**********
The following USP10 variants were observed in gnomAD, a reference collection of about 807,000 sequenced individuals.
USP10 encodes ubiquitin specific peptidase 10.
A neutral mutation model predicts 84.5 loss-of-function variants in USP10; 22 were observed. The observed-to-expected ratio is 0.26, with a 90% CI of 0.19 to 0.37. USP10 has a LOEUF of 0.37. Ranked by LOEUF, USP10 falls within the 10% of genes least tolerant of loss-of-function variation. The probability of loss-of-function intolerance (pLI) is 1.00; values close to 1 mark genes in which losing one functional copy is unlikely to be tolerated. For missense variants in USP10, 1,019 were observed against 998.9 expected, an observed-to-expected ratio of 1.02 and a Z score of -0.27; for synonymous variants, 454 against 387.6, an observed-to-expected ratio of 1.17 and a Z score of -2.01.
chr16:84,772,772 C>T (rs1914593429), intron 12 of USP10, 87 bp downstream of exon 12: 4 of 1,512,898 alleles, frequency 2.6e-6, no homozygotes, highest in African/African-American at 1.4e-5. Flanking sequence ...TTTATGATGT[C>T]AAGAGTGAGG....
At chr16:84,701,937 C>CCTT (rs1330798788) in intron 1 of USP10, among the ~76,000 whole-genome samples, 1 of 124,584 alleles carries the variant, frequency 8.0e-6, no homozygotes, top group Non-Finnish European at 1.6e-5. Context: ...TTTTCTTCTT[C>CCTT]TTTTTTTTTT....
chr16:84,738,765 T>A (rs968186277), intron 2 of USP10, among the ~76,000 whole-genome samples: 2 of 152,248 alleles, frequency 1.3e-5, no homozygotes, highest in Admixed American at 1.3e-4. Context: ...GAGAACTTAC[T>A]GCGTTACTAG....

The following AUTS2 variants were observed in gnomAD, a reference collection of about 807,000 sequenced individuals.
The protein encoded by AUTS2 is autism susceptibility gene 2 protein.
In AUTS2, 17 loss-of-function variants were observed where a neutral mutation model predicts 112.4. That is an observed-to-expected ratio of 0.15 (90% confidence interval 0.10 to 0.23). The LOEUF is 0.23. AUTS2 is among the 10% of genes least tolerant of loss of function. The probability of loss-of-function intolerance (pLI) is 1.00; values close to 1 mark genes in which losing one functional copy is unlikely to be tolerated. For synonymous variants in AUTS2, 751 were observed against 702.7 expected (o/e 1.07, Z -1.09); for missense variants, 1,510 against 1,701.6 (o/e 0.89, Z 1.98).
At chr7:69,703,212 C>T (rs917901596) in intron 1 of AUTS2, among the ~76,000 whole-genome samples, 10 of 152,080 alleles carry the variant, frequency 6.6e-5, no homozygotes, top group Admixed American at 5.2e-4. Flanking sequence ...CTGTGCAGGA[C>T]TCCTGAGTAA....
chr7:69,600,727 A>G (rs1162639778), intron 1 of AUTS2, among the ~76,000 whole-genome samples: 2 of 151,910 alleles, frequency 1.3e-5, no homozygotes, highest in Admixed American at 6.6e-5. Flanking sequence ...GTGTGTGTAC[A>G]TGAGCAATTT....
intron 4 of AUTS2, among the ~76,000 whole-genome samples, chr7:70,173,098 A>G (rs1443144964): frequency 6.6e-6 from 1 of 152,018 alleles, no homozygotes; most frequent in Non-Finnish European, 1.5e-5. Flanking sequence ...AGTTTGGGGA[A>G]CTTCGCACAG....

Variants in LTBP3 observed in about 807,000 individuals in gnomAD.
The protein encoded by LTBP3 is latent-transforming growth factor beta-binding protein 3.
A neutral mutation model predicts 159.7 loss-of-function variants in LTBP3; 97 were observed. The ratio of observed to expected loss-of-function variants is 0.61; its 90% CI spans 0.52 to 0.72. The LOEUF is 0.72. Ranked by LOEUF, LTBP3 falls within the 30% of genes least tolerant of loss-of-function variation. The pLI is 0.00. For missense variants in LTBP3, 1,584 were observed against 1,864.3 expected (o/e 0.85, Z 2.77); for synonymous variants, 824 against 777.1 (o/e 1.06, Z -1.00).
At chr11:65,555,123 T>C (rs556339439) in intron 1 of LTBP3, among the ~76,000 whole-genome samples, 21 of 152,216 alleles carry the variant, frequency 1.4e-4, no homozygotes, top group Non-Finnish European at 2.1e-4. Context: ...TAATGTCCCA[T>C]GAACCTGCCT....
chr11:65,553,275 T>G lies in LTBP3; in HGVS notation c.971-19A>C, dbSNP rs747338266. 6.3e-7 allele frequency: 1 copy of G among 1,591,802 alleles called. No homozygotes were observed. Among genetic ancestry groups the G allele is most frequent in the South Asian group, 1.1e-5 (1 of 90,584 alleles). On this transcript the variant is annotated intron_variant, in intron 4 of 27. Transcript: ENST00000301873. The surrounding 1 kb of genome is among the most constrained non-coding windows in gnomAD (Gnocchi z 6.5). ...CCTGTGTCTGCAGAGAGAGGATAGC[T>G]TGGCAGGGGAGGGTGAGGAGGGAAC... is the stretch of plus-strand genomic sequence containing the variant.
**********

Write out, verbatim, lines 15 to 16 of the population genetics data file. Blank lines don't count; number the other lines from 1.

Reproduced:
A neutral mutation model predicts 159.7 loss-of-function variants in LTBP3; 97 were observed. The ratio of observed to expected loss-of-function variants is 0.61; its 90% CI spans 0.52 to 0.72. The LOEUF is 0.72. Ranked by LOEUF, LTBP3 falls within the 30% of genes least tolerant of loss-of-function variation. The pLI is 0.00. For missense variants in LTBP3, 1,584 were observed against 1,864.3 expected (o/e 0.85, Z 2.77); for synonymous variants, 824 against 777.1 (o/e 1.06, Z -1.00).
At chr11:65,555,123 T>C (rs556339439) in intron 1 of LTBP3, among the ~76,000 whole-genome samples, 21 of 152,216 alleles carry the variant, frequency 1.4e-4, no homozygotes, top group Non-Finnish European at 2.1e-4. Context: ...TAATGTCCCA[T>C]GAACCTGCCT....